“I was really scared – with Franco you had to be like a soldier,” Nieto told me a few years ago. “When I won my first world title in 1969 I was doing military service and I was told I had to meet Franco. I was so scared because I’d never seen a general in my life! The second time we met, he asked me if the battle [in the races] was so hard.”
Nieto was clear favourite to win the 125cc race at Montjuïc – the fans expected it and so did the Generalissimo.
However, Sheene’s speed in practice made people take notice. He was just half a second slower than Nieto (as tight as it got in those days), thanks to his raw talent, the speed of his RT67 twin (which was faster than Nieto’s single-cylinder Derbi) and his circuit knowledge.
Sheene and his dad weren’t stupid. In early July he had travelled to Barcelona to get some track time in the Montjuïc 24-hour race, sharing a Norton Commando with Pat Mahoney. The pair led for several hours but were sidelined when the Norton’s gearbox cried enough after 15 hours.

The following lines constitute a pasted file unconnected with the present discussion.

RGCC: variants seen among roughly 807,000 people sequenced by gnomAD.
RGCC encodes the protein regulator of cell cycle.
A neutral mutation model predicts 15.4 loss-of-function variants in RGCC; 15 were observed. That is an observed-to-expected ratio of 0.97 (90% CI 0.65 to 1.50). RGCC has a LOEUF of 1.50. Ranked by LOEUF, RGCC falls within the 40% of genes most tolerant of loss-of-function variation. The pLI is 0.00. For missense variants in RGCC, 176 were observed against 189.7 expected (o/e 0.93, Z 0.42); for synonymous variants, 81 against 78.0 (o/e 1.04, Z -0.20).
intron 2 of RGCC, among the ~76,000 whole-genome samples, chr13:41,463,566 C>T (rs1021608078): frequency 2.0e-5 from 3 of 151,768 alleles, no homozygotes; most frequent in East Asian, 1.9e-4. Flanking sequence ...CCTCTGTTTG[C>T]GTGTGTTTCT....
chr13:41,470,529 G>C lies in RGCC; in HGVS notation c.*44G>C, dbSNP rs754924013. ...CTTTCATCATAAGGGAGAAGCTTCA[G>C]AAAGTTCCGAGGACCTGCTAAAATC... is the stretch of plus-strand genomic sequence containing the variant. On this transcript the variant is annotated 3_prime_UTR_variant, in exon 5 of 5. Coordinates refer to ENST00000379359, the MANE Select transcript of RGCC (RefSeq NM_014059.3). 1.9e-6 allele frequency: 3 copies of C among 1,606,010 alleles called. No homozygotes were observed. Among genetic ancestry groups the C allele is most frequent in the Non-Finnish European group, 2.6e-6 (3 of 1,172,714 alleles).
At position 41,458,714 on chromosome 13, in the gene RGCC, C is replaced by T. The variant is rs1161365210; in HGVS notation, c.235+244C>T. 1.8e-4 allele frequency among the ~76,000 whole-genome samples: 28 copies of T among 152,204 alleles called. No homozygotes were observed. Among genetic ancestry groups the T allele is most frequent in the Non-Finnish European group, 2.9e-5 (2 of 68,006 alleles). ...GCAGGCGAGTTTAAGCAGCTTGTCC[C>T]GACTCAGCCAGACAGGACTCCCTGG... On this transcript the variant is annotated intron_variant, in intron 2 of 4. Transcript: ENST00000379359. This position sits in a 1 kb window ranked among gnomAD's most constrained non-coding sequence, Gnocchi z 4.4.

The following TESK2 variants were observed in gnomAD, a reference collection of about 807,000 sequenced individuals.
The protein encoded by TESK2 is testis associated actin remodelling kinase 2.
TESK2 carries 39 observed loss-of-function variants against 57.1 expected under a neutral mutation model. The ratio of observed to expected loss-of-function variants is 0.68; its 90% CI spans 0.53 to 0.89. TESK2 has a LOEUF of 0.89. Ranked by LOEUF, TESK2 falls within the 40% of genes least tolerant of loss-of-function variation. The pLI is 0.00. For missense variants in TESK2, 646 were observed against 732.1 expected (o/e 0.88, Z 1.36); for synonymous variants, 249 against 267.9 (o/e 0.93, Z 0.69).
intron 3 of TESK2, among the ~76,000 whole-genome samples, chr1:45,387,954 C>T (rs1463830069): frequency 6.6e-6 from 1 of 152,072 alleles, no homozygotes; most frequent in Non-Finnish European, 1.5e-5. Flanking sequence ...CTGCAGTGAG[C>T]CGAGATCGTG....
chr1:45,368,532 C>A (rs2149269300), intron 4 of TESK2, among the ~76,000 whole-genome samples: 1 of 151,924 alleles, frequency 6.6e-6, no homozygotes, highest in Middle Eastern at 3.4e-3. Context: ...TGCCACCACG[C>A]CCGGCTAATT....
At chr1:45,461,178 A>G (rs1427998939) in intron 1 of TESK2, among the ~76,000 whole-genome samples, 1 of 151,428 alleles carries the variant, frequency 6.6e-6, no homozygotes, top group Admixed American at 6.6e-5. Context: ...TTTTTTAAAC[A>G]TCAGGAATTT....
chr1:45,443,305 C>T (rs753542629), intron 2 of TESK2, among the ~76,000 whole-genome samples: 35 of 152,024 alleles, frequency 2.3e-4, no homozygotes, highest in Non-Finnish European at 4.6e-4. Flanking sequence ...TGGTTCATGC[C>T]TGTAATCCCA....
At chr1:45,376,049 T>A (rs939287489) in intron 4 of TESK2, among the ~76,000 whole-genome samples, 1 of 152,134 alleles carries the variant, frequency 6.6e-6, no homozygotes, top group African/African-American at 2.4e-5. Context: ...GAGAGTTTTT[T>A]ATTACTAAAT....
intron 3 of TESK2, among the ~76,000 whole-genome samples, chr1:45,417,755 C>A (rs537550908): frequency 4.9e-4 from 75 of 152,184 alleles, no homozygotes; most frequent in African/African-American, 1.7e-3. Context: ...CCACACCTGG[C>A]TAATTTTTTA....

In the early stages of the 125 Montjuïc race Sheene stalked Nieto and 1969 125 world champion Dave Simmonds, who was riding a Kawasaki twin similar to the RT67. When Sheene took the lead from Nieto the crowd fell silent, but national pride was saved, thanks to a mistake made by Sheene Senior. He had geared his son’s bike too low.
Nieto got back to the lead to win by eight seconds. Sheene completed his GP debut in second place, 40 seconds ahead of GP regular Bo Jansson, riding a Maico single.
“I had to keep shutting off the motor on the fastest parts of the circuit – otherwise I’m sure I could’ve won,” said Sheene, displaying the cockiness that would help turn him into bike racing’s biggest star.
After the race Derbi protested Sheene’s bike, claiming he had used a ten-speed gearbox, because by 1970 all GP bikes were limited to six gears. Scrutineers stripped the RT67, which did indeed have a six-speed gearbox, made for the Sheenes by a Dutch gearbox expert.